Over the last 25 years or so, the music of composer Mieczyslaw Weinberg (1919-1996), has slowly and tentatively grown in reputation and popularity,
and has now taken its well-deserved position amongst the big guns of 20th century music. The now defunct Olympia record label played a major part in establishing this
composer's importance by releasing many recordings of his Symphonies and chamber works using the Vainberg spelling of his name. More recently, the NEOS label has
released an excellent recording of his Viola Sonatas, some actual world premičres, and of course, the Chandos label has been hard at work over the past few years with
the release of definitive recordings of many of his Symphonies and Concertos. Some of these recordings have been strongly recommended on this website, and for good
reasons. Because of their friendship and constant support, this composer's music bears a strong stylistic similitude to the music of Dmitri Shostakovich, and furthermore
establishes clear lines of communication and rapport between it, and the listener.
Take for example the Sonata No. 1 for Violin and Piano, Op. 12 from 1943, given here its world premičre recording. Its harmonic language
and conflicting subjects bear Shostakovich's influence, but the melodic invention and rhythmic momentum are pure Weinberg. The interplay between the violin and piano
is constantly in motion and creatively shifting the leadership role from one instrument to the other. Violinist Yuri Kalnits and pianist Michael Csányi-Wills
immediately establish their deep understanding and perception of this music's substance and character, and deliver an interpretation that pulls us deeply into the music's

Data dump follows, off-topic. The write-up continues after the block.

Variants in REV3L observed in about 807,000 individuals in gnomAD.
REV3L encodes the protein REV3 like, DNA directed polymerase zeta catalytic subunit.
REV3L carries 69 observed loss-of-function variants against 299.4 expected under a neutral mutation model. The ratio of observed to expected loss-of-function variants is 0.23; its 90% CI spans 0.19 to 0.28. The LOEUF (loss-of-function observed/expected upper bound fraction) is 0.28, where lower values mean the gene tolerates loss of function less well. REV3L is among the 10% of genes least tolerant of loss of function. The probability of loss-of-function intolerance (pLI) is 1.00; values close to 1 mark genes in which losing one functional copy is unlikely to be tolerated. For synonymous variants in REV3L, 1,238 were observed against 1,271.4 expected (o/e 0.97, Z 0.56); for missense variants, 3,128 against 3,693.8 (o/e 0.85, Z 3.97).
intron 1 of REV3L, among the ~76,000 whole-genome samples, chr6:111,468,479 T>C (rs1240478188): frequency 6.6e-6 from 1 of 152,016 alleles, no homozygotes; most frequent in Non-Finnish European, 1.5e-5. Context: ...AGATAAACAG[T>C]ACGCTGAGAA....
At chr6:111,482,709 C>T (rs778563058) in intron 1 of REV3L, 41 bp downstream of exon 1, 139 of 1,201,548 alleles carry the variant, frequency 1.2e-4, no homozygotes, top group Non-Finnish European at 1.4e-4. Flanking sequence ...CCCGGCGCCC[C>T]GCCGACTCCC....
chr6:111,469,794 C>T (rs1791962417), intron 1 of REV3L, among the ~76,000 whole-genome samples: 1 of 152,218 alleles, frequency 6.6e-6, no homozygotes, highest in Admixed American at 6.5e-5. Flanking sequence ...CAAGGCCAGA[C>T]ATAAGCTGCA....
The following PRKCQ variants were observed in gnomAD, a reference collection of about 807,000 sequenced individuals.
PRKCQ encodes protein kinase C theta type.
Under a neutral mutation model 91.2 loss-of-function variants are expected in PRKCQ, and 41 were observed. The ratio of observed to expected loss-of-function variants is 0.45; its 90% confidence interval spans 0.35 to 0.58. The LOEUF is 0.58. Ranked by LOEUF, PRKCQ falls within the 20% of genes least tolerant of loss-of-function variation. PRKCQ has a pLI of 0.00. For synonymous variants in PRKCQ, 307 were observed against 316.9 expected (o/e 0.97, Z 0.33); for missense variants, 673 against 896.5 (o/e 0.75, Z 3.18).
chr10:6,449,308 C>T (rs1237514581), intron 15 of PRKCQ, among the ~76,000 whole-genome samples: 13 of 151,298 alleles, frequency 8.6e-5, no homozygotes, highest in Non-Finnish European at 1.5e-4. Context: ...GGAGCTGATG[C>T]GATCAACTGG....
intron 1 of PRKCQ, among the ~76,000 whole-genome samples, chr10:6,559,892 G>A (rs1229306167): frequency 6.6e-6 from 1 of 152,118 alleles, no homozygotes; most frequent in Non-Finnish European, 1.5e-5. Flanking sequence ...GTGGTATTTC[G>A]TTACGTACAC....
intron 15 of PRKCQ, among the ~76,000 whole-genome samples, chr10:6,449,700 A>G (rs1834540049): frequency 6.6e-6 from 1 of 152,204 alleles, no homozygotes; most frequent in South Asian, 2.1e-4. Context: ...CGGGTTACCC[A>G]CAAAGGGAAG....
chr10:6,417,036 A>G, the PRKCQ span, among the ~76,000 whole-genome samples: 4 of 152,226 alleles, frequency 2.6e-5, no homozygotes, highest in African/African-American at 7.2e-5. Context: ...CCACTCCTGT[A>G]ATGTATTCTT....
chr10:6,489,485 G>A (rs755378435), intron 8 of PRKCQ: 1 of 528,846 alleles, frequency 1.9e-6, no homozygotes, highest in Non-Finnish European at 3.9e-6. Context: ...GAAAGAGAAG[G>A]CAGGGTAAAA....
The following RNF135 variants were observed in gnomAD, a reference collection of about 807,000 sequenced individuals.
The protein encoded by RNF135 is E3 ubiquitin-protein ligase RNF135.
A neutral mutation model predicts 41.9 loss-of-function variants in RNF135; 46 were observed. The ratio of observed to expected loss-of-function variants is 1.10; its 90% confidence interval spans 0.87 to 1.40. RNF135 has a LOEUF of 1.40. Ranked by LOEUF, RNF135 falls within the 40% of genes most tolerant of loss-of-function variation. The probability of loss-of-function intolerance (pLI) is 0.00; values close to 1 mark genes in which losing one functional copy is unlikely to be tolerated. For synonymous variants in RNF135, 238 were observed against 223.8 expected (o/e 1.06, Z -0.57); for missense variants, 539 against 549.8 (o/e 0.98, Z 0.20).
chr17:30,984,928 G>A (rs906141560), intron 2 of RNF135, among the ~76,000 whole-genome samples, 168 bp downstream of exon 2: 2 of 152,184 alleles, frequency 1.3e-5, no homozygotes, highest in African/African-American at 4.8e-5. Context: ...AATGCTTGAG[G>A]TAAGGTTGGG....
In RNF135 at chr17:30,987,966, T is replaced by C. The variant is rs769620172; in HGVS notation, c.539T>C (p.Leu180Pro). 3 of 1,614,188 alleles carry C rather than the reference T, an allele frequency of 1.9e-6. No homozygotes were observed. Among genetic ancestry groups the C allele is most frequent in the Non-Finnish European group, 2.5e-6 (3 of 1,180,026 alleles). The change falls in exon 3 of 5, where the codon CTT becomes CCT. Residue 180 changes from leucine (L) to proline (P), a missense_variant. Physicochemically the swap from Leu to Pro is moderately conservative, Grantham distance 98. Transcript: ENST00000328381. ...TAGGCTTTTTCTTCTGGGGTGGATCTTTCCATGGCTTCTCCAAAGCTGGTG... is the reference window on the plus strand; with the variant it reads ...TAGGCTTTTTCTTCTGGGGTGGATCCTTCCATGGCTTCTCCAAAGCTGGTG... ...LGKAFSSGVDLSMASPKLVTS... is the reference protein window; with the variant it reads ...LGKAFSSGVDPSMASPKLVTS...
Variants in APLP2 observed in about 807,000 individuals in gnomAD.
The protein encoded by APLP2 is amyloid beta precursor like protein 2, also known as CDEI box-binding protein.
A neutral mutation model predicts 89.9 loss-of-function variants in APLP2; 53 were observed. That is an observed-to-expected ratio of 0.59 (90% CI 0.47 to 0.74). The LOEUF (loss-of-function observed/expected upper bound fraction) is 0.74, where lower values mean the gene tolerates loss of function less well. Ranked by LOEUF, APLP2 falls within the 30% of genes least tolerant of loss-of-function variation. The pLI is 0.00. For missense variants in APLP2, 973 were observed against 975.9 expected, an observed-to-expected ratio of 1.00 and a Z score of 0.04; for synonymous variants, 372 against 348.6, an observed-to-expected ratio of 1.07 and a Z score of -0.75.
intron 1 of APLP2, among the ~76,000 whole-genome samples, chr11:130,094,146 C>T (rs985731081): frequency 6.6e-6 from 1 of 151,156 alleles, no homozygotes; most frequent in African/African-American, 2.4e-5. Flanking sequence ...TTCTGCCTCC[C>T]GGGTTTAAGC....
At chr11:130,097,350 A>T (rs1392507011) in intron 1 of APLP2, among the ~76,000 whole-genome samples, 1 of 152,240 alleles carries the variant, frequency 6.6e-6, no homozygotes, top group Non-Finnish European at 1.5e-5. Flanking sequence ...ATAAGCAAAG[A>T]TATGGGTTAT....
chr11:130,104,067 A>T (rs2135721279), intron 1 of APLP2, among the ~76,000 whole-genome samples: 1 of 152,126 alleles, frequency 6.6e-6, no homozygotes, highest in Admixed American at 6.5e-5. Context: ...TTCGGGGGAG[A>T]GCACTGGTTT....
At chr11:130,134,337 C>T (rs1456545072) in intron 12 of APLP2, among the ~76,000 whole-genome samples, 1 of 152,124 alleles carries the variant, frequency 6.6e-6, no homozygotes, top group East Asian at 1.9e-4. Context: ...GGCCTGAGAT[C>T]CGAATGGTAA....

emotional landscape. And that same level of musicianship comes across even more strongly in the strangely dark and convulsive Sonata No. 4 for Violin
and Piano, Op. 39 from 1947. Its many varied moods, from solemn sadness to hyper nervous energy, all come forward very well under the hands and
minds of these two fine musicians. Also on this recording are the Sonatina for Violin and Piano, Op. 46, a work of deep lyrical beauty,
and the Sonata No. 1 for Violin Solo, Op. 82 from 1964, also witnessing its first recording on this CD.
This new recording is a much welcome release from Toccata Classics, a label who likes to unearth obscure or neglected works. This recording once
again clearly demonstrates that music of this calibre certainly didn't deserve to be discarded. Hopefully this label has planned on future releases of other chamber works
by Weinberg, which would further help in distancing this composer's name from obscurity. If you enjoy 20th century Russian music, chamber music, Shostakovich, or
hearing first recordings of neglected repertoire, than this CD has all of the above and more. Highly recommended!